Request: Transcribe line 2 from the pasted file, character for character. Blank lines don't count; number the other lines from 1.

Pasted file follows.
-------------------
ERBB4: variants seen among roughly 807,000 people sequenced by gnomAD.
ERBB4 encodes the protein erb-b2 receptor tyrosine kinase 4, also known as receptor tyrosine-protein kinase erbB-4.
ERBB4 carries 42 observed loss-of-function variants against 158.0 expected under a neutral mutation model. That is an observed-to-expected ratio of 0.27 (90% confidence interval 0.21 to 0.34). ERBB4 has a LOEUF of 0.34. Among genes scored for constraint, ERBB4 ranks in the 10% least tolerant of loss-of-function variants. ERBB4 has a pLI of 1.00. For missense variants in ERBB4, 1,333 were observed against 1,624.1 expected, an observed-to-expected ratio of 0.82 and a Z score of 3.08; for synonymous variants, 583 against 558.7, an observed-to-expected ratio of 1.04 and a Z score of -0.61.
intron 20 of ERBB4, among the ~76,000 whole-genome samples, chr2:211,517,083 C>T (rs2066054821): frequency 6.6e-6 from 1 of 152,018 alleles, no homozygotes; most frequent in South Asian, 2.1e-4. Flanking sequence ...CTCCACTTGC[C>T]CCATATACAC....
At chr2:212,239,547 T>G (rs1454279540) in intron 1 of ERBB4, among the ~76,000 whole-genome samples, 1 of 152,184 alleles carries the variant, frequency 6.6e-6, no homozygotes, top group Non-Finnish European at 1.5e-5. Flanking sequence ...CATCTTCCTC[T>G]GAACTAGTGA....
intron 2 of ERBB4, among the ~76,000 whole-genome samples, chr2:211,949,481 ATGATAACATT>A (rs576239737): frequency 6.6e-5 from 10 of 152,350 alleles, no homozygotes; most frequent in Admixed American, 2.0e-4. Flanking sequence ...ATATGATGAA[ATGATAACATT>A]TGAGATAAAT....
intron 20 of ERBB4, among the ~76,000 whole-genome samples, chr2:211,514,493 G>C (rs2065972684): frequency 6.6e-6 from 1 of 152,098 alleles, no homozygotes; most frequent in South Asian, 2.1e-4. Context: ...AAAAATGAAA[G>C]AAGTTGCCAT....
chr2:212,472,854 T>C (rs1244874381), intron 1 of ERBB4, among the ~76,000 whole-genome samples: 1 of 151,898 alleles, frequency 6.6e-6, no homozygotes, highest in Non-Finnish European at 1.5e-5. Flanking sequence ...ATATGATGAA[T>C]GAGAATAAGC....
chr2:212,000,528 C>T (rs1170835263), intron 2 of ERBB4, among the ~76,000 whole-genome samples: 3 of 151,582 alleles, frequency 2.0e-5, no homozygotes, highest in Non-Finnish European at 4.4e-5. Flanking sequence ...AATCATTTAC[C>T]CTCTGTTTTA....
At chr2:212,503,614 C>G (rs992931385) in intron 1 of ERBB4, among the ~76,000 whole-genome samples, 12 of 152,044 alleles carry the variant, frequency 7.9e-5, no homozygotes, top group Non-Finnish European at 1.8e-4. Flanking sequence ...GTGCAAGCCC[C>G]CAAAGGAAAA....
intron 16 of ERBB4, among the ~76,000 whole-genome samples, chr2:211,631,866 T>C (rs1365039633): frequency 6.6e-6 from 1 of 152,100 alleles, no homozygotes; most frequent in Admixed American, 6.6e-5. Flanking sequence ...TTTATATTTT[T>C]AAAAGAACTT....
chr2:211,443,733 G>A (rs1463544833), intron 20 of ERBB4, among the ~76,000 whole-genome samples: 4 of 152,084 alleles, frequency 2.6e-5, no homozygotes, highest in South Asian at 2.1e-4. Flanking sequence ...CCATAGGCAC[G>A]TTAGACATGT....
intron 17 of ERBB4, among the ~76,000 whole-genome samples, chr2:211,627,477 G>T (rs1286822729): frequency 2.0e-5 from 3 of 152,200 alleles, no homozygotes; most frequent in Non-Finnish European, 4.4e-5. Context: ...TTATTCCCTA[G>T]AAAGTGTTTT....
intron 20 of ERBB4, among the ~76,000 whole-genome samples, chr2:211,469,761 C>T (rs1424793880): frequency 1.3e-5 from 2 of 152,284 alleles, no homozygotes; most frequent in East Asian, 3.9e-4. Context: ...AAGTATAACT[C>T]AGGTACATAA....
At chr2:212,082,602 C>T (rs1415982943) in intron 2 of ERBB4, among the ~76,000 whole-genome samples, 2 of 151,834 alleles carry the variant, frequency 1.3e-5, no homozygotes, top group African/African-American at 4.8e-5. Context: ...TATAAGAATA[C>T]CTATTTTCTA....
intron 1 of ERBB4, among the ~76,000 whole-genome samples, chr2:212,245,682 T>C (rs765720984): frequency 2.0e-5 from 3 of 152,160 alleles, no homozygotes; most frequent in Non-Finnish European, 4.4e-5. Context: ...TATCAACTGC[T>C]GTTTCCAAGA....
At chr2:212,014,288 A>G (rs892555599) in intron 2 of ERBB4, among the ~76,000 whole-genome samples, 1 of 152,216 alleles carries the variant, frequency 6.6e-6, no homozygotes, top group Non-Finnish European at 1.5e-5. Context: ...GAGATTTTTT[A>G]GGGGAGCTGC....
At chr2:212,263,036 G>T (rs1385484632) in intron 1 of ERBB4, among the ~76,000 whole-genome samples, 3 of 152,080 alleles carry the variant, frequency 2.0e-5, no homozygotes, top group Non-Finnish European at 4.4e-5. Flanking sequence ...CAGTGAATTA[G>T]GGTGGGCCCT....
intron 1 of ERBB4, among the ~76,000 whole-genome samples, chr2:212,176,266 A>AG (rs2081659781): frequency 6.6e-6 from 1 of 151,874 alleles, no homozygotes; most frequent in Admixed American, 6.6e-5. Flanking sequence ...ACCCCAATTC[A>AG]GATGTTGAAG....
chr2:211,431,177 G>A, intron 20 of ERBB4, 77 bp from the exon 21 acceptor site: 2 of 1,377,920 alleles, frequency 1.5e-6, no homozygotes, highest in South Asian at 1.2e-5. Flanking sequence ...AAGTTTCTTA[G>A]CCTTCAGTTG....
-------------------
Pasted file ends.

ERBB4 encodes the protein erb-b2 receptor tyrosine kinase 4, also known as receptor tyrosine-protein kinase erbB-4.